Exploring the consumption and use of popular music as a means of expressing an adolescent's identity during the socialisation process
Understanding the way in which Inusic is chosen and used by adolescents to express
identity is explored in this thesis. Given the increasing diversity of familial structures,
the social backdrop and environment in which teenagers are raised is also considered
to be salient. The record industry continues to consider 'youth' as a homogenous
target audience, differentiating only between male and females and grouping theln by
age (15-24 years). This does not account for the rise in early teenage consUlnption nor
does it facilitate an understanding of Inusic use and consumption. This study explores
the 'journey' of adolescence and the role of music, family and friends in this process.
36 teenagers were recruited to ascertain the views and experiences of adolescents and
the role Inusic plays in identity expression.
Initial interviews were held with 12 teenagers ranging in age frOln 12-to-17 years.
Follow-up, longitudinal interviews were then conducted six months to a year later
with the satne respondents. Ten of these respondents were then 'recruited' to become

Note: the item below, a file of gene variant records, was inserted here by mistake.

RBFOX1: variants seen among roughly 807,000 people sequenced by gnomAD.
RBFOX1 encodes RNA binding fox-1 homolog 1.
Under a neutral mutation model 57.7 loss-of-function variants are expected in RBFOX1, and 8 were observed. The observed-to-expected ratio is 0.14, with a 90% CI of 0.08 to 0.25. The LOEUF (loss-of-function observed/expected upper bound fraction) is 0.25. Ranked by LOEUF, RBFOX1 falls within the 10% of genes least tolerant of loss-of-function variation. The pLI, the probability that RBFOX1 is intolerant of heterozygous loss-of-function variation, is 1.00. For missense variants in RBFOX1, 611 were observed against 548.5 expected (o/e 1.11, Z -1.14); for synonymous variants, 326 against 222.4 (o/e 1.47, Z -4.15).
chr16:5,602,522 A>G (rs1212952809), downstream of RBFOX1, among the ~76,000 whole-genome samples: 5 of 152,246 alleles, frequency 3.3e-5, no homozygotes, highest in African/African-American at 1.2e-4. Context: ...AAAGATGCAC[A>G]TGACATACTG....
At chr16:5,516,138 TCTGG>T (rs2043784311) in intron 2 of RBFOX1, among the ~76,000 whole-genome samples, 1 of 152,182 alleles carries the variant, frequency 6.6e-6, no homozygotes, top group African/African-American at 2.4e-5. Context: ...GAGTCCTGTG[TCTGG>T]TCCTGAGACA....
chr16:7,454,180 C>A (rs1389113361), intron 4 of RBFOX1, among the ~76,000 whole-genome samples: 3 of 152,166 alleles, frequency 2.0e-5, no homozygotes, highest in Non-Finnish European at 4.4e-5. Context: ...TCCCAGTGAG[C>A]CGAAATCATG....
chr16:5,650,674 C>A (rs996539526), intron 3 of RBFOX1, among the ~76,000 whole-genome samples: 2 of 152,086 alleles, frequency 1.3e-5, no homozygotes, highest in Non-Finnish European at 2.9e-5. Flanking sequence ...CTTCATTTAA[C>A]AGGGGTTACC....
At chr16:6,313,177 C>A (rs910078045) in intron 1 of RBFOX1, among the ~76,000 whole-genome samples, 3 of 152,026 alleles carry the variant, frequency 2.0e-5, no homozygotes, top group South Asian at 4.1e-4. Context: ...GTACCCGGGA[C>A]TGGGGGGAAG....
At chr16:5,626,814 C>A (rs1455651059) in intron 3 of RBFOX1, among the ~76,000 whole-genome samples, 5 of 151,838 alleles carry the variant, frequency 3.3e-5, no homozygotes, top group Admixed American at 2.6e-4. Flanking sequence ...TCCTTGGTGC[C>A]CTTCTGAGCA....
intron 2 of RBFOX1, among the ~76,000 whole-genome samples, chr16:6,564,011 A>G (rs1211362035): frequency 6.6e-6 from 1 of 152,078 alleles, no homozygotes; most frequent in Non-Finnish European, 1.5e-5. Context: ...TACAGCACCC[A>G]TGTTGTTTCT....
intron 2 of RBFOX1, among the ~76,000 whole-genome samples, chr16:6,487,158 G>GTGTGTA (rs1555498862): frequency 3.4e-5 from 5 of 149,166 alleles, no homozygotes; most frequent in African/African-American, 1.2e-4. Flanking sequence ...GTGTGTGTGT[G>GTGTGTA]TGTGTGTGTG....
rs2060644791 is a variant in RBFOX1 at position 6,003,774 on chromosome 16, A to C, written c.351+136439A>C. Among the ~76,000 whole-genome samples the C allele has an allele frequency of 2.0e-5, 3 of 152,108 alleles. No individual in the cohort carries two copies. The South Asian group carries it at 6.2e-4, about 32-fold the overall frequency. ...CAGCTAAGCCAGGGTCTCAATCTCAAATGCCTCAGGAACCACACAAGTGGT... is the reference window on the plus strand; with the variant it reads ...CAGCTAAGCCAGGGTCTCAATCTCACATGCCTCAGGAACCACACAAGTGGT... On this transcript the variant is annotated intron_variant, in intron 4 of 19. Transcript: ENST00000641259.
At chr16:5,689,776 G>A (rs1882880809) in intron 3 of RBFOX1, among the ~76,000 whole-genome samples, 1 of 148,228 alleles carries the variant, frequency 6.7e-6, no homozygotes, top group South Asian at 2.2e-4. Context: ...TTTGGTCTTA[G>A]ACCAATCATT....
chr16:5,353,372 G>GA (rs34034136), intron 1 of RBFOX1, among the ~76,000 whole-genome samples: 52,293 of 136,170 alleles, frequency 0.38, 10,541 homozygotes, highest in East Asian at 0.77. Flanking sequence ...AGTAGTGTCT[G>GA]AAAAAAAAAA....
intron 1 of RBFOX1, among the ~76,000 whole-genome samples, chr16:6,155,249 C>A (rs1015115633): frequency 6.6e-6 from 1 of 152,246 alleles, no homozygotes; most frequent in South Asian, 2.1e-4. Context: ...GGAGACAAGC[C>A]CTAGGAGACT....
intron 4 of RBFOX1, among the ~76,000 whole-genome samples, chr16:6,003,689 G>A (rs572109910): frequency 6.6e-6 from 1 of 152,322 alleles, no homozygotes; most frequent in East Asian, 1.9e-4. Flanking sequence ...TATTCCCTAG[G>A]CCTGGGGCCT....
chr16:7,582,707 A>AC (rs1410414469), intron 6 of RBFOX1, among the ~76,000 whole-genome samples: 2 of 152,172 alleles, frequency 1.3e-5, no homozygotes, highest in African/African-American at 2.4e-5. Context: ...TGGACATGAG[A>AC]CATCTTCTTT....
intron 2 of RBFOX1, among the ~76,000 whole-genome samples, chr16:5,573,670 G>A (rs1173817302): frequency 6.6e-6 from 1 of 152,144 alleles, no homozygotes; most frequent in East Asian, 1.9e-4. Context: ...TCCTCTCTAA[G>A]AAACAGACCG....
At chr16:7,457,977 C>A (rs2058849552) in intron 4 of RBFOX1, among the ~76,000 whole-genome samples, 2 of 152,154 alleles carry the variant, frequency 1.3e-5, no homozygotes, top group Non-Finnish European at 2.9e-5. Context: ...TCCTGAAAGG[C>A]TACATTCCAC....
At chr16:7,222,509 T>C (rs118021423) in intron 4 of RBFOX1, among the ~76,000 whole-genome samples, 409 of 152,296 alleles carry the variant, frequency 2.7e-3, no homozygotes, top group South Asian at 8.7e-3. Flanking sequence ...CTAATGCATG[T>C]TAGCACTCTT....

'experts' and interviewed a close friend, a member of their friendship group and one
of their parents. The in-depth interviews conducted by the author explored the role of
Inusic in identity expression considering if and how this role would change over tilne.
This was to understand the influence of friends and the role of fatnily Inembers in
identity fonnation during this period of socialisation. A more ethnographic approach
was then en1ployed as 10 teenagers became 'researchers', designing their own
interviews and independently conducting and recording their 'own' research. This
gave credibility and validity to the initial research findings and provided a dilnension
to the research that the author would be unable to obtain on his own Inerit.
Although there were issues on which the adolescents agreed unanilnously, many
expressions of identity through Inusic and associated semiotic cOlnlnunication were
viewed differently by males and females and those raised in a variety of fatnily
environments. The findings also illustrated that the use of and dependence on music
varied between teenagers raised in intact, blended and single parent fatnilies and that
this was relevant for understanding music consUlnption as well as providing a
foundation for Inore targeted communication approaches. The teenage experts who
conducted their 'own' research also 'interpreted' their own data which contributed to
an understanding of the difference between the 'close friend' and Inelnber of a
Using the infonnation from this research, key characteristics associated with
-adolescent Inusic consumption provided a basis for profiling teenage music
conSUlners. These segments included adolescents who were' extreme' or 'chameleon'
like in their behaviour ancithose who were more' experiential '. By exploring identity
expression, Inusic consUlnption and the social context in which the adolescents were
raised, this research has implications for the way in which research is conducted by,
for and with adolescents and for the music industry and their approach to
understanding the teenage market and the future consumption of music itself